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What Ferguson Taught Us: Captain Ron Johnson

Blog / Produced by The High Calling
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On our first night in Ferguson, we talked with Captain Ronald Johnson of the Missouri State Highway Patrol. Captain Johnson was appointed by the governor to coordinate security in Ferguson, after the death of Mike Brown.

We asked Captain Johnson about the work and calling of law enforcement officers, particulary for such a time as this. Here's what he had to say:


"Since Thursday, when the governor came (and assigned this task) … this uniform has taken on a whole different meaning. Every day I get up and put it on with pride. I do.

"Since Thursday it’s kind of been like a coat. It’s like it’s been over my whole body. It’s kind of like in winter time and you put that coat on, and you have that sense of protection, that warmth. And it’s giving me that feeling. I know that some of that is the people who are here.

"For years, when I’ve put this uniform on, I don’t know what I’m going to face in my day. But when I’ve put it on since Thursday, I know I’m going to face a better tomorrow. Every day since Thursday has been better. We don’t always get to see that in our lives—a better tomorrow—back to back to back to back. And I’m at a point now where I just don’t want it to end. I want it [that sense of constant improvement] to keep going, keep going, keep going.

"But I was telling somebody, you know, sometimes when we really call on God, when we are backed in that corner, it makes us say we’re sorry for those good times when we didn’t say ‘thank you.’ We’ve had some good times in Ferguson. And I’ve had some good times in this community. We took it for granted. But I think after this, nobody in Ferguson will take some things for granted. I see how a lot of people in Ferguson—and across this country—won’t take things for granted.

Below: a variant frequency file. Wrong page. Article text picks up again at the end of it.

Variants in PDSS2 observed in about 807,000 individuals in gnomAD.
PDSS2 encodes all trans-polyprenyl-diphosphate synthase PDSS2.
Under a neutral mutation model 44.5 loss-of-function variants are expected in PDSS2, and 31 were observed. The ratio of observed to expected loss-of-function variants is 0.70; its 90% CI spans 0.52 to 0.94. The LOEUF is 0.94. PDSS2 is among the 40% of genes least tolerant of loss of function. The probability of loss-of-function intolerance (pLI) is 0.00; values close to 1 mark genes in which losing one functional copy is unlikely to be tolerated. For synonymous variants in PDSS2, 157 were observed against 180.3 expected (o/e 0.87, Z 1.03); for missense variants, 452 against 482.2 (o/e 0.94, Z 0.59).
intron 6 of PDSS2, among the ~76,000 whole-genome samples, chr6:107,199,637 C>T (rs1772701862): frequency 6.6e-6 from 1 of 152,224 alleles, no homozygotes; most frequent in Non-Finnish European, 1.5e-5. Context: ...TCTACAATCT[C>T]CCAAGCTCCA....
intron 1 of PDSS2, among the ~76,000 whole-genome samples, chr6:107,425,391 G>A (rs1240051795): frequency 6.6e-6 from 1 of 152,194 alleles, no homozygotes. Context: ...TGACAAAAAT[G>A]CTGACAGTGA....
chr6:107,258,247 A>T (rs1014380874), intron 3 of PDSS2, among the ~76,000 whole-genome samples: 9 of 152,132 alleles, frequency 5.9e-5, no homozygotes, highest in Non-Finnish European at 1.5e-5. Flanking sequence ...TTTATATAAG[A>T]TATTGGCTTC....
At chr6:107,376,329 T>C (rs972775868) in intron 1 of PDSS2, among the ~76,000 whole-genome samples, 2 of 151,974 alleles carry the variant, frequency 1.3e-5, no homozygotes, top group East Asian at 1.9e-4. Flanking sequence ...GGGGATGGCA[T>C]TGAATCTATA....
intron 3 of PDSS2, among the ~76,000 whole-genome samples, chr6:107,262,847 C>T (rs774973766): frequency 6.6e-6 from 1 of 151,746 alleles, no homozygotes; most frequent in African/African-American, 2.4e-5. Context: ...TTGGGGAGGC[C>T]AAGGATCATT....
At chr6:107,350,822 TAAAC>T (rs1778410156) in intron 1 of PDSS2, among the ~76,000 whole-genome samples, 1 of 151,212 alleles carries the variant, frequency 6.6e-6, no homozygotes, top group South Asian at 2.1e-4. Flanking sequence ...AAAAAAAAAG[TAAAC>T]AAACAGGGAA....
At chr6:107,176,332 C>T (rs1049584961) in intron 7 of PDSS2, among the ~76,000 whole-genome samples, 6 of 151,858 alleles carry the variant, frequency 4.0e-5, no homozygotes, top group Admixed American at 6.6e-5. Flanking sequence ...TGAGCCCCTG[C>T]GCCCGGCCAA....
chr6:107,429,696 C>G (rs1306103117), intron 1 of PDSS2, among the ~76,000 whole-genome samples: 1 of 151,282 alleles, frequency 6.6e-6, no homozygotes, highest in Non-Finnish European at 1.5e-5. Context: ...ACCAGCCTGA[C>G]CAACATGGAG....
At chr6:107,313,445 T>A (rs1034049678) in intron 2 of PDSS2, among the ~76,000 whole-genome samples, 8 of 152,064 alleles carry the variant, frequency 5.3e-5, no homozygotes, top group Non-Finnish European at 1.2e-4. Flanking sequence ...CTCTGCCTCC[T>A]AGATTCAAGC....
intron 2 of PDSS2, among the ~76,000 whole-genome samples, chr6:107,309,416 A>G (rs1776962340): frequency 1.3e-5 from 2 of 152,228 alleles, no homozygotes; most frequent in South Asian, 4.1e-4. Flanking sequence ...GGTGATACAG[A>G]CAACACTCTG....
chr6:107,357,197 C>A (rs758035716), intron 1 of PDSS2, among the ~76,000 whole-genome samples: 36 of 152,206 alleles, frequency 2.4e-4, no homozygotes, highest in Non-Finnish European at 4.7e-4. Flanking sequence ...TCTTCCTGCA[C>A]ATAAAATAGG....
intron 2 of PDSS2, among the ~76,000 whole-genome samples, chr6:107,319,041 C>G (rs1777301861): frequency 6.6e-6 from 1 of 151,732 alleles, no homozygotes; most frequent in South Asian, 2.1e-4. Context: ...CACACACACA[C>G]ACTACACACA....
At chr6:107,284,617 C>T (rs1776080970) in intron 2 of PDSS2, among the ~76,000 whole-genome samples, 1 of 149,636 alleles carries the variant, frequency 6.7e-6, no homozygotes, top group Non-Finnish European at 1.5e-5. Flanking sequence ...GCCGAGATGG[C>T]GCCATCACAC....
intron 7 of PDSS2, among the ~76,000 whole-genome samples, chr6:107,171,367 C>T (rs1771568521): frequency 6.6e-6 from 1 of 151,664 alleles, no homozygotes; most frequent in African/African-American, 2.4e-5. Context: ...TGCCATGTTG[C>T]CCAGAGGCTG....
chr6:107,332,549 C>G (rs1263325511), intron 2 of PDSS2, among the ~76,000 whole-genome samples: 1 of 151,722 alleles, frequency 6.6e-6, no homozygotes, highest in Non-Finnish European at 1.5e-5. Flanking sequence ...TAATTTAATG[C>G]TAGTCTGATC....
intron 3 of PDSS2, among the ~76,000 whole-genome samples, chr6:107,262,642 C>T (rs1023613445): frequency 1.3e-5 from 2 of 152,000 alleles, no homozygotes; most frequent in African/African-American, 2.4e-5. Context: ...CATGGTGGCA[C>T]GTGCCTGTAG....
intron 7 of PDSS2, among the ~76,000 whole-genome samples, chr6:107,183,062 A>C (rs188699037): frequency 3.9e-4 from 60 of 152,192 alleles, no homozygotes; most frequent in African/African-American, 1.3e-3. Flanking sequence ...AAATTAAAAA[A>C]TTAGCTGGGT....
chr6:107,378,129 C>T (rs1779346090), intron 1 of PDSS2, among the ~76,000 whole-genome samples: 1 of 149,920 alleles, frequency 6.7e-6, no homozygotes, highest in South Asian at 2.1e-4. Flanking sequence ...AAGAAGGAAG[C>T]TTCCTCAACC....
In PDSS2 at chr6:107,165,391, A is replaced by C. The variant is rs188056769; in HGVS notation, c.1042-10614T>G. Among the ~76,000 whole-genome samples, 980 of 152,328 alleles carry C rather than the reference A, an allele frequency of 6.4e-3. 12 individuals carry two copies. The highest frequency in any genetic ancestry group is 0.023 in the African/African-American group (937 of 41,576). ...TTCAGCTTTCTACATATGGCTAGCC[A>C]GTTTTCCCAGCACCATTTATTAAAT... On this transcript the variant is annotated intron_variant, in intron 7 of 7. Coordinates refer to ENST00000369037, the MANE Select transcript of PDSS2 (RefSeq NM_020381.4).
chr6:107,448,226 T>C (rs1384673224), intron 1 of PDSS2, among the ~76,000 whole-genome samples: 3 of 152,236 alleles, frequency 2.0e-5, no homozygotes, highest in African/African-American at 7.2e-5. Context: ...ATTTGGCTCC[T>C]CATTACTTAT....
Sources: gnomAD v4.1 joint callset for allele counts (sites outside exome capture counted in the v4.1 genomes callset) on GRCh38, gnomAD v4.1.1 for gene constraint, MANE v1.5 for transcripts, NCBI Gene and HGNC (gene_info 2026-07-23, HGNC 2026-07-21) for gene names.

"A couple days ago the clergy came out. There were a lot of them. A lot of people made a difference —the elders and everything else—but to see just a group of clergy walk and take control, shows us that the road to make this better is built on faith. We all have different faiths and different beliefs, but whatever you believe in in your life that can make things better, whether that’s a god, whether that’s a rabbit’s foot in your pocket, whatever it is, you have to believe it. That there’s something that can make things better."

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Deidra Riggs, managing editor for the High Calling, was among a group of five writers who traveled to Ferguson last weekend to listen to the stories of people who live and work in the community. Read more about that trip on Deidra's blog, or at community editor Jennifer Lee’s blog. Other writers on the trip were Preston Yancey, Lisha Epperson and Nish Weiseth.

What Ferguson Taught Us About Hope

Last weekend, The High Calling and several others visited Ferguson, Missouri, to listen. We heard stories from pastors, police, and members of the community. All week, we are sharing what we learned from this experience in a bonus theme What Ferguson Taught Us, chronicling everything from our time with Capt. Ronald Johnson of the Missouri Highway Patrol to our time with people on the street.

" … hope does not disappoint, because the love of God has been poured out within our hearts through the Holy Spirit who was given to us." Romans 5:5

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